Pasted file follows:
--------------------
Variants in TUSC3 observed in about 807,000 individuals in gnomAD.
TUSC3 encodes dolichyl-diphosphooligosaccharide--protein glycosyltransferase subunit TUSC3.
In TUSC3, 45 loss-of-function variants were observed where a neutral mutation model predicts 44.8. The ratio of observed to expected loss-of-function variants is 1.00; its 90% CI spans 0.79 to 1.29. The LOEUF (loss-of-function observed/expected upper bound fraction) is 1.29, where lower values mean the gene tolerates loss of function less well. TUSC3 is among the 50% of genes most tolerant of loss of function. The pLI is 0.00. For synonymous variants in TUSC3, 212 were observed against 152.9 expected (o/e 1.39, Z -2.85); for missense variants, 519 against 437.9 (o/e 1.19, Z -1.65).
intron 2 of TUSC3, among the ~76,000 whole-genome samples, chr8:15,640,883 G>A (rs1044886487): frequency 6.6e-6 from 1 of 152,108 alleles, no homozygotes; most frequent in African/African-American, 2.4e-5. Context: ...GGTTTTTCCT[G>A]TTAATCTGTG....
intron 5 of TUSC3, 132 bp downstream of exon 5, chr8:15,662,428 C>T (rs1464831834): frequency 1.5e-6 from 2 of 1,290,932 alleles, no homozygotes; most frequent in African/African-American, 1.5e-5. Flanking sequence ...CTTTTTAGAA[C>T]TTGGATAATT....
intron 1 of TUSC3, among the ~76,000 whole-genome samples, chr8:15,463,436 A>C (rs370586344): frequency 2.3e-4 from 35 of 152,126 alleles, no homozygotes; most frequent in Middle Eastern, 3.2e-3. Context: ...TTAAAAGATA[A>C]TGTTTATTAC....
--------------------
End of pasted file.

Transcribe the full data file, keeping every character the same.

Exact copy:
Variants in TUSC3 observed in about 807,000 individuals in gnomAD.
TUSC3 encodes dolichyl-diphosphooligosaccharide--protein glycosyltransferase subunit TUSC3.
In TUSC3, 45 loss-of-function variants were observed where a neutral mutation model predicts 44.8. The ratio of observed to expected loss-of-function variants is 1.00; its 90% CI spans 0.79 to 1.29. The LOEUF (loss-of-function observed/expected upper bound fraction) is 1.29, where lower values mean the gene tolerates loss of function less well. TUSC3 is among the 50% of genes most tolerant of loss of function. The pLI is 0.00. For synonymous variants in TUSC3, 212 were observed against 152.9 expected (o/e 1.39, Z -2.85); for missense variants, 519 against 437.9 (o/e 1.19, Z -1.65).
intron 2 of TUSC3, among the ~76,000 whole-genome samples, chr8:15,640,883 G>A (rs1044886487): frequency 6.6e-6 from 1 of 152,108 alleles, no homozygotes; most frequent in African/African-American, 2.4e-5. Context: ...GGTTTTTCCT[G>A]TTAATCTGTG....
intron 5 of TUSC3, 132 bp downstream of exon 5, chr8:15,662,428 C>T (rs1464831834): frequency 1.5e-6 from 2 of 1,290,932 alleles, no homozygotes; most frequent in African/African-American, 1.5e-5. Flanking sequence ...CTTTTTAGAA[C>T]TTGGATAATT....
intron 1 of TUSC3, among the ~76,000 whole-genome samples, chr8:15,463,436 A>C (rs370586344): frequency 2.3e-4 from 35 of 152,126 alleles, no homozygotes; most frequent in Middle Eastern, 3.2e-3. Context: ...TTAAAAGATA[A>C]TGTTTATTAC....